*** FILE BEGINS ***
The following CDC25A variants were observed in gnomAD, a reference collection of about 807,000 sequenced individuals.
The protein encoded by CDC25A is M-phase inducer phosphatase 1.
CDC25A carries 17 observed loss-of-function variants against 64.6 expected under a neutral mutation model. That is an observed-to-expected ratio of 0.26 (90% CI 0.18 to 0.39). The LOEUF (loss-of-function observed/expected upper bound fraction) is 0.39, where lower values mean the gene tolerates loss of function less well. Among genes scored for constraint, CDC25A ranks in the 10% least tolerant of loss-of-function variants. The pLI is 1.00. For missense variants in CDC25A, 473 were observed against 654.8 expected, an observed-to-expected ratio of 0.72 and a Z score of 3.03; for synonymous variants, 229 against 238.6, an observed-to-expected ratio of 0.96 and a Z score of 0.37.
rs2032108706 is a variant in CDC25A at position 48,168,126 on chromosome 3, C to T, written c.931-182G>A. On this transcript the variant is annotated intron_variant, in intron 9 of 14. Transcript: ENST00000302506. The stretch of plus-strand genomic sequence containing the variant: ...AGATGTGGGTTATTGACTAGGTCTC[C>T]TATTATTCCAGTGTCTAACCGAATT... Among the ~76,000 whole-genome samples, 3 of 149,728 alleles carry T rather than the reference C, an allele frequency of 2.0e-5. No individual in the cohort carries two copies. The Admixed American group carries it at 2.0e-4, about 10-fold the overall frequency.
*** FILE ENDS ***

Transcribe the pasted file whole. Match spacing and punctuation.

The following CDC25A variants were observed in gnomAD, a reference collection of about 807,000 sequenced individuals.
The protein encoded by CDC25A is M-phase inducer phosphatase 1.
CDC25A carries 17 observed loss-of-function variants against 64.6 expected under a neutral mutation model. That is an observed-to-expected ratio of 0.26 (90% CI 0.18 to 0.39). The LOEUF (loss-of-function observed/expected upper bound fraction) is 0.39, where lower values mean the gene tolerates loss of function less well. Among genes scored for constraint, CDC25A ranks in the 10% least tolerant of loss-of-function variants. The pLI is 1.00. For missense variants in CDC25A, 473 were observed against 654.8 expected, an observed-to-expected ratio of 0.72 and a Z score of 3.03; for synonymous variants, 229 against 238.6, an observed-to-expected ratio of 0.96 and a Z score of 0.37.
rs2032108706 is a variant in CDC25A at position 48,168,126 on chromosome 3, C to T, written c.931-182G>A. On this transcript the variant is annotated intron_variant, in intron 9 of 14. Transcript: ENST00000302506. The stretch of plus-strand genomic sequence containing the variant: ...AGATGTGGGTTATTGACTAGGTCTC[C>T]TATTATTCCAGTGTCTAACCGAATT... Among the ~76,000 whole-genome samples, 3 of 149,728 alleles carry T rather than the reference C, an allele frequency of 2.0e-5. No individual in the cohort carries two copies. The Admixed American group carries it at 2.0e-4, about 10-fold the overall frequency.